(c) If an injury is sustained during competition as a result of an intentional foul and the bout is allowed to continue, the referee shall notify the scorekeeper to automatically deduct two points from the contestant who committed the foul.

(d) If an injury sustained during competition as a result of an intentional foul causes the injured contestant to be unable to continue at a subsequent point in the contest, the injured contestant shall win by technical decision, if he or she is ahead on the scorecards. If the injured contestant is even or behind on the score cards at the time of stoppage, the outcome of the bout shall be declared a technical draw.

(e) If a contestant injures himself or herself while attempting to foul his or her opponent, the referee shall not take any action in his or her favor, and the injury shall be treated in the same manner as an injury produced by a fair blow.

(f) If an injury sustained during competition as a result of an accidental foul is severe enough for the referee to stop the bout immediately, the bout shall result in a no contest if stopped before two rounds have been completed in a three round bout or if stopped before three rounds have been completed in a five round bout.

(g) If an injury sustained during competition as a result of an accidental foul is severe enough for the referee to stop the bout immediately, the bout shall result in a technical decision awarded to the contestant who is ahead on the score cards at the time the bout is stopped only when the bout is stopped after two rounds of a three round bout, or three rounds of a five round bout have been completed.

(h) There will be no scoring of an incomplete round. However, if the referee penalizes either contestant, then the appropriate points shall be deducted when the scorekeeper calculates the final score.

13:46-24A.17 Types of Bout Results

(a) The following are the types of bout results:

1. Submission by:
i. Tap Out: When a contestant physically uses his hand to indicate that he or she no longer wishes to continue; or
ii. Verbal tap out: When a contestant verbally announces to the referee that he or she does not wish to continue;

2. Technical knockout by:
i. Referee stops bout;
ii. Ringside physician stops bout; or
iii. When an injury as a result of a legal maneuver is severe enough to terminate a bout;

3. Knockout by failure to rise from the canvas;

4. Decision via scorecards:
i. Unanimous: When all three judges score the bout for the same contestant;
ii. Split Decision: When two judges score the bout for one contestant and one judge scores for the opponent; or
iii. Majority Decision: When two judges score the bout for the same contestant and one judge scores a draw;

5. Draws:
i. Unanimous – When all three judges score the bout a draw;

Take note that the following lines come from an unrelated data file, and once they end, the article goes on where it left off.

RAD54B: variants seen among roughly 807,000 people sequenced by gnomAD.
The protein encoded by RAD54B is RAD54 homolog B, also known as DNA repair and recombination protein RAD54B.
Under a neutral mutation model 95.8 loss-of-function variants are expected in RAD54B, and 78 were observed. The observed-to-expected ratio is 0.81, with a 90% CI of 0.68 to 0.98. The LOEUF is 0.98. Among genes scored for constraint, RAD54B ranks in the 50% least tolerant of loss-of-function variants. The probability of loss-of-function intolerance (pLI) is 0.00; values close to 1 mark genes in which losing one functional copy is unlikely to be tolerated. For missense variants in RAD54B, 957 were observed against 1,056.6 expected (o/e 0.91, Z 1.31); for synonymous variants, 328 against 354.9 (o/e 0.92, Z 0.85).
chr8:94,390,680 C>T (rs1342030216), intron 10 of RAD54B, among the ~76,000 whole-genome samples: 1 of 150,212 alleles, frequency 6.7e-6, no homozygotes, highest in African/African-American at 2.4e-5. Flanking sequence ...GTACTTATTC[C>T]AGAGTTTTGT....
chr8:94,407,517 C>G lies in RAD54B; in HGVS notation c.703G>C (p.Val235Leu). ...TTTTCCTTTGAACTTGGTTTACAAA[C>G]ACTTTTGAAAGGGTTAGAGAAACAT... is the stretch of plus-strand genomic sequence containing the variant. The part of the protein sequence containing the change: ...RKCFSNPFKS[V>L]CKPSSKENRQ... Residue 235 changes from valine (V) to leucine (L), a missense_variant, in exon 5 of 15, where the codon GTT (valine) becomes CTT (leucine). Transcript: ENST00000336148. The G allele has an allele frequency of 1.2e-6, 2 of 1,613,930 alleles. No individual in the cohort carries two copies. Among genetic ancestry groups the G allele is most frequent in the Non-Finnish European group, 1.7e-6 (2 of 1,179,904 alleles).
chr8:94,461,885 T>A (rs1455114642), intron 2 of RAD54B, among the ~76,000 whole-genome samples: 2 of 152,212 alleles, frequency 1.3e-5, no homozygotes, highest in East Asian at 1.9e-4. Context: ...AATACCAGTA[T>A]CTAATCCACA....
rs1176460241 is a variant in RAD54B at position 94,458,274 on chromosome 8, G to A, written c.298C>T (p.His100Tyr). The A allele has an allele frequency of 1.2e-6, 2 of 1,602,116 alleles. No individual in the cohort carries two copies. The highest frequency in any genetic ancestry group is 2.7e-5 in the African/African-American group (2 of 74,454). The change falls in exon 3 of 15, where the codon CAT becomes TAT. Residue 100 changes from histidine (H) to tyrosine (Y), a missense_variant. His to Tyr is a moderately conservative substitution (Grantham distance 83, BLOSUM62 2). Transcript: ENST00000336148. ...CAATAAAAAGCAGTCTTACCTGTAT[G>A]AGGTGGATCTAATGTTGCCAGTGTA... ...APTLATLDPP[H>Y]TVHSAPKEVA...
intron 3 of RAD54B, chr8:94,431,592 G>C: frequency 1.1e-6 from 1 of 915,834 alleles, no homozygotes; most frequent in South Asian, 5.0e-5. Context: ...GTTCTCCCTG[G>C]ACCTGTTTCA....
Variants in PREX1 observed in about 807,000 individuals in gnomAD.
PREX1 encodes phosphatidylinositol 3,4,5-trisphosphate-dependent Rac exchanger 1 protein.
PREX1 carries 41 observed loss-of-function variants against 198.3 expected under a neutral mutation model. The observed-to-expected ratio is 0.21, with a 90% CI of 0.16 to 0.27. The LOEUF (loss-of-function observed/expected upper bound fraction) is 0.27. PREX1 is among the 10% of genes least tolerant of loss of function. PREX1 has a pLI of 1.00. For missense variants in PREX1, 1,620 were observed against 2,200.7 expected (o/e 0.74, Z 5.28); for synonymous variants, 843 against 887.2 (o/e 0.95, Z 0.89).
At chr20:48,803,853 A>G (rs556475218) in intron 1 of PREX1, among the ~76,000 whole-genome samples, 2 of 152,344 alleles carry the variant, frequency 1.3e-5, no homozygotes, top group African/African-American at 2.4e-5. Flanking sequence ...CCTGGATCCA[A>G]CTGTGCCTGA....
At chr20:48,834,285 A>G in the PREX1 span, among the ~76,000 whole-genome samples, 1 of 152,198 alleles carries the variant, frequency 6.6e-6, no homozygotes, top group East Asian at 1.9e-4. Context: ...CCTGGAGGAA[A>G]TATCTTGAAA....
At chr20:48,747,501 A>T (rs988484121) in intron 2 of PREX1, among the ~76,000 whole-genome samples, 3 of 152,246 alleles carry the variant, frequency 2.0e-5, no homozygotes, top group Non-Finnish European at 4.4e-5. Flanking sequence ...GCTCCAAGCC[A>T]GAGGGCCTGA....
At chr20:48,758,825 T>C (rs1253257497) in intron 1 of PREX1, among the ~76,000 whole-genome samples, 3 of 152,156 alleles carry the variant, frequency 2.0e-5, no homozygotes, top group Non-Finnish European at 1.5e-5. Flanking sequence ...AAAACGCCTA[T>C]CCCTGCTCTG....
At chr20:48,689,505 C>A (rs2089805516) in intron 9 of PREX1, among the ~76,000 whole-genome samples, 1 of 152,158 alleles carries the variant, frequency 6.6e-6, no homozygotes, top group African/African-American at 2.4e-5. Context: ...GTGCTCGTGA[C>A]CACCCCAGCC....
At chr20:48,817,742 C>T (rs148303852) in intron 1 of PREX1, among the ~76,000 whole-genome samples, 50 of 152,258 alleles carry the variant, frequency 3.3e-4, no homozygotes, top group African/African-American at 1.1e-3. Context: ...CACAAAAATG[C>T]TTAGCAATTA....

ii. Majority – When two judges score the bout a draw; or
iii. Split – When all three judges score differently and the score total results in a draw;

6. Disqualification: When an injury sustained during competition as a result of an intentional foul is severe enough to terminate the contest;

7. Forfeit: When a contestant fails to begin competition or prematurely ends the contest for reasons other than injury or by indicating a tap out;

8. Technical Draw: When an injury sustained during competition as a result of an intentional foul causes the injured contestant to be unable to continue and the injured contestant is even or behind on the scorecards at the time of stoppage;

9. Technical Decision: When the bout is prematurely stopped due to injury and a contestant is leading on the score cards; and

10. No Contest: When a contest is prematurely stopped due to accidental injury and a sufficient number of rounds have not been completed to render a decision via the scorecards.

SUBCHAPTER 24B ADDITIONAL MIXED MARTIAL ARTS RULES

13:46-24B.1 Licensing

(a) All mixed martial arts events shall be subject to the licensing requirements of N.J.A.C. 13:46-4.

(b) The fee for a mixed martial artist license shall be as set forth in N.J.A.C. 13:46-4.25(b). Other license fees shall be as set forth in N.J.A.C. 13:46-4.25(a).

13:46-24B.2 Bond procedure

All mixed martial arts events shall be subject to the bond procedure requirements of N.J.A.C.13:46-4.8.

13:46-24B.3 Inspectors

All mixed martial arts events shall be subject to the presence, duties and compensation of inspectors as required by N.J.A.C. 13:46-9.

13:46-24B.4 Health and safety rules

(a) All mixed martial arts events shall be subject to the uniform medical requirements of N.J.A.C. 13:46-12A.

(b) All mixed martial arts events shall be subject to the additional health and safety requirements of N.J.A.C. 13:46-12B.

(c) All mixed martial arts events shall be subject to the emergency medical facilities and equipment requirements of N.J.A.C. 13:46-2.8.

(d) All mixed martial arts events shall be subject to the insurance requirements of N.J.A.C. 13:46-14.

13:46-24B.5 Weighing of mixed martial artists

(a) Weighing of all mixed martial artists shall be conducted in accordance with the requirements for professional boxers of N.J.A.C. 13:46-1A.3.”